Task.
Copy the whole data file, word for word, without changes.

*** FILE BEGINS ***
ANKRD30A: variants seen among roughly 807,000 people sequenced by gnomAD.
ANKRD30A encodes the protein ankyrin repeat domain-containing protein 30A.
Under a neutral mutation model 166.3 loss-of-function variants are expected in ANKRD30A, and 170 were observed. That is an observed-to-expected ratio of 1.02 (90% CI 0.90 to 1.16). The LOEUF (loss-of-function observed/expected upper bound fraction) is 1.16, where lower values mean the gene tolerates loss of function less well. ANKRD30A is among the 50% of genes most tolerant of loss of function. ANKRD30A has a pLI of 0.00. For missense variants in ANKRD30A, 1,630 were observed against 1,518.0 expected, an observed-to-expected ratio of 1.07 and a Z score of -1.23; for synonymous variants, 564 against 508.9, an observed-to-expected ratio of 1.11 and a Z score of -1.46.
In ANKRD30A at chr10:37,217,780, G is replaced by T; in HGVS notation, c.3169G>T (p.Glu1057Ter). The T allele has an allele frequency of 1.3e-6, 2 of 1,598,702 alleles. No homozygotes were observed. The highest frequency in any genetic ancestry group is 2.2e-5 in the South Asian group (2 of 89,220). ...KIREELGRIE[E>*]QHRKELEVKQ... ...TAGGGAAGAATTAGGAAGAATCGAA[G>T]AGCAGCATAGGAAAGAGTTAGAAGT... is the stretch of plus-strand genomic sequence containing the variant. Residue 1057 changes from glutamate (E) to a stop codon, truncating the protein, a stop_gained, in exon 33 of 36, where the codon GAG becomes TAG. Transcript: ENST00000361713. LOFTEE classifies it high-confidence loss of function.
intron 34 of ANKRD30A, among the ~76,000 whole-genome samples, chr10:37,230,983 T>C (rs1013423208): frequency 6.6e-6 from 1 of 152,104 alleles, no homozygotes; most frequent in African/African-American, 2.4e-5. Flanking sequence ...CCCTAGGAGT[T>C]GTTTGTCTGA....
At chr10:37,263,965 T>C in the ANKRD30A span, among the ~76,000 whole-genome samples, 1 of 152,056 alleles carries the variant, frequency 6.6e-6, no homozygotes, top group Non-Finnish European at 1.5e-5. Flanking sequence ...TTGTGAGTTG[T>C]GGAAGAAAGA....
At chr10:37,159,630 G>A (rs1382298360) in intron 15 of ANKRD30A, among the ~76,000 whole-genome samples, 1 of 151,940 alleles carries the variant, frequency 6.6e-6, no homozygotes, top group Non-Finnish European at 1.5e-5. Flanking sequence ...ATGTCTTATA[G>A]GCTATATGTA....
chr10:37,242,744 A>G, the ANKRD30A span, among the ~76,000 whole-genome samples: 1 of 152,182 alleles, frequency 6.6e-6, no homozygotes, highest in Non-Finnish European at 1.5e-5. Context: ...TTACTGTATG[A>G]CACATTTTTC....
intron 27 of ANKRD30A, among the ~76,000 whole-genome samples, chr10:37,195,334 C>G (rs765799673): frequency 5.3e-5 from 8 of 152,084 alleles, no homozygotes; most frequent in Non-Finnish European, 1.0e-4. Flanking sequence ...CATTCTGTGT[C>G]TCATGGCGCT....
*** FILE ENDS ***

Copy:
ANKRD30A: variants seen among roughly 807,000 people sequenced by gnomAD.
ANKRD30A encodes the protein ankyrin repeat domain-containing protein 30A.
Under a neutral mutation model 166.3 loss-of-function variants are expected in ANKRD30A, and 170 were observed. That is an observed-to-expected ratio of 1.02 (90% CI 0.90 to 1.16). The LOEUF (loss-of-function observed/expected upper bound fraction) is 1.16, where lower values mean the gene tolerates loss of function less well. ANKRD30A is among the 50% of genes most tolerant of loss of function. ANKRD30A has a pLI of 0.00. For missense variants in ANKRD30A, 1,630 were observed against 1,518.0 expected, an observed-to-expected ratio of 1.07 and a Z score of -1.23; for synonymous variants, 564 against 508.9, an observed-to-expected ratio of 1.11 and a Z score of -1.46.
In ANKRD30A at chr10:37,217,780, G is replaced by T; in HGVS notation, c.3169G>T (p.Glu1057Ter). The T allele has an allele frequency of 1.3e-6, 2 of 1,598,702 alleles. No homozygotes were observed. The highest frequency in any genetic ancestry group is 2.2e-5 in the South Asian group (2 of 89,220). ...KIREELGRIE[E>*]QHRKELEVKQ... ...TAGGGAAGAATTAGGAAGAATCGAA[G>T]AGCAGCATAGGAAAGAGTTAGAAGT... is the stretch of plus-strand genomic sequence containing the variant. Residue 1057 changes from glutamate (E) to a stop codon, truncating the protein, a stop_gained, in exon 33 of 36, where the codon GAG becomes TAG. Transcript: ENST00000361713. LOFTEE classifies it high-confidence loss of function.
intron 34 of ANKRD30A, among the ~76,000 whole-genome samples, chr10:37,230,983 T>C (rs1013423208): frequency 6.6e-6 from 1 of 152,104 alleles, no homozygotes; most frequent in African/African-American, 2.4e-5. Flanking sequence ...CCCTAGGAGT[T>C]GTTTGTCTGA....
At chr10:37,263,965 T>C in the ANKRD30A span, among the ~76,000 whole-genome samples, 1 of 152,056 alleles carries the variant, frequency 6.6e-6, no homozygotes, top group Non-Finnish European at 1.5e-5. Flanking sequence ...TTGTGAGTTG[T>C]GGAAGAAAGA....
At chr10:37,159,630 G>A (rs1382298360) in intron 15 of ANKRD30A, among the ~76,000 whole-genome samples, 1 of 151,940 alleles carries the variant, frequency 6.6e-6, no homozygotes, top group Non-Finnish European at 1.5e-5. Flanking sequence ...ATGTCTTATA[G>A]GCTATATGTA....
chr10:37,242,744 A>G, the ANKRD30A span, among the ~76,000 whole-genome samples: 1 of 152,182 alleles, frequency 6.6e-6, no homozygotes, highest in Non-Finnish European at 1.5e-5. Context: ...TTACTGTATG[A>G]CACATTTTTC....
intron 27 of ANKRD30A, among the ~76,000 whole-genome samples, chr10:37,195,334 C>G (rs765799673): frequency 5.3e-5 from 8 of 152,084 alleles, no homozygotes; most frequent in Non-Finnish European, 1.0e-4. Flanking sequence ...CATTCTGTGT[C>G]TCATGGCGCT....